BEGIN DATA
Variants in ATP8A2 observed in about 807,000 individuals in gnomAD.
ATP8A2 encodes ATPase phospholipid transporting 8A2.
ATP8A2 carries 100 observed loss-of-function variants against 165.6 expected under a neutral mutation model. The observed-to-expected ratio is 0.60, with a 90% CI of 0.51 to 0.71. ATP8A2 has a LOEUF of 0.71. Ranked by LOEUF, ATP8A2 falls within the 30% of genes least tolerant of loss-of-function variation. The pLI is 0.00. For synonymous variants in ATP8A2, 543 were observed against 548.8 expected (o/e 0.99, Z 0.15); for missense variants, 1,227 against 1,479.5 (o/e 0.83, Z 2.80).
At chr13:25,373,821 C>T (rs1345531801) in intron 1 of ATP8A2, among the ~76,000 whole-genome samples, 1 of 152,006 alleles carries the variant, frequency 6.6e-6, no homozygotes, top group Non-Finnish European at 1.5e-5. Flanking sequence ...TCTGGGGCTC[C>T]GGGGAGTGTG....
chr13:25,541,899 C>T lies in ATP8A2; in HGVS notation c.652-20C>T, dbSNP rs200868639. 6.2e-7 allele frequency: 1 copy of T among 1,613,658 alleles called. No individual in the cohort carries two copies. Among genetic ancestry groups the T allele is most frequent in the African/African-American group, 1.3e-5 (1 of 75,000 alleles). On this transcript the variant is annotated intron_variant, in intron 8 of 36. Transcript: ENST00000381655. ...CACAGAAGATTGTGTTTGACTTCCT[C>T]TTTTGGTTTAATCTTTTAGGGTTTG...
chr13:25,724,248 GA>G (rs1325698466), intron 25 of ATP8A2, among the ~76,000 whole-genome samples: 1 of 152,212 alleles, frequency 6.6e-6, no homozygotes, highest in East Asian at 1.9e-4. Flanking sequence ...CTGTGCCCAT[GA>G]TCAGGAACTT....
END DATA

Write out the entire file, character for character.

Variants in ATP8A2 observed in about 807,000 individuals in gnomAD.
ATP8A2 encodes ATPase phospholipid transporting 8A2.
ATP8A2 carries 100 observed loss-of-function variants against 165.6 expected under a neutral mutation model. The observed-to-expected ratio is 0.60, with a 90% CI of 0.51 to 0.71. ATP8A2 has a LOEUF of 0.71. Ranked by LOEUF, ATP8A2 falls within the 30% of genes least tolerant of loss-of-function variation. The pLI is 0.00. For synonymous variants in ATP8A2, 543 were observed against 548.8 expected (o/e 0.99, Z 0.15); for missense variants, 1,227 against 1,479.5 (o/e 0.83, Z 2.80).
At chr13:25,373,821 C>T (rs1345531801) in intron 1 of ATP8A2, among the ~76,000 whole-genome samples, 1 of 152,006 alleles carries the variant, frequency 6.6e-6, no homozygotes, top group Non-Finnish European at 1.5e-5. Flanking sequence ...TCTGGGGCTC[C>T]GGGGAGTGTG....
chr13:25,541,899 C>T lies in ATP8A2; in HGVS notation c.652-20C>T, dbSNP rs200868639. 6.2e-7 allele frequency: 1 copy of T among 1,613,658 alleles called. No individual in the cohort carries two copies. Among genetic ancestry groups the T allele is most frequent in the African/African-American group, 1.3e-5 (1 of 75,000 alleles). On this transcript the variant is annotated intron_variant, in intron 8 of 36. Transcript: ENST00000381655. ...CACAGAAGATTGTGTTTGACTTCCT[C>T]TTTTGGTTTAATCTTTTAGGGTTTG...
chr13:25,724,248 GA>G (rs1325698466), intron 25 of ATP8A2, among the ~76,000 whole-genome samples: 1 of 152,212 alleles, frequency 6.6e-6, no homozygotes, highest in East Asian at 1.9e-4. Flanking sequence ...CTGTGCCCAT[GA>G]TCAGGAACTT....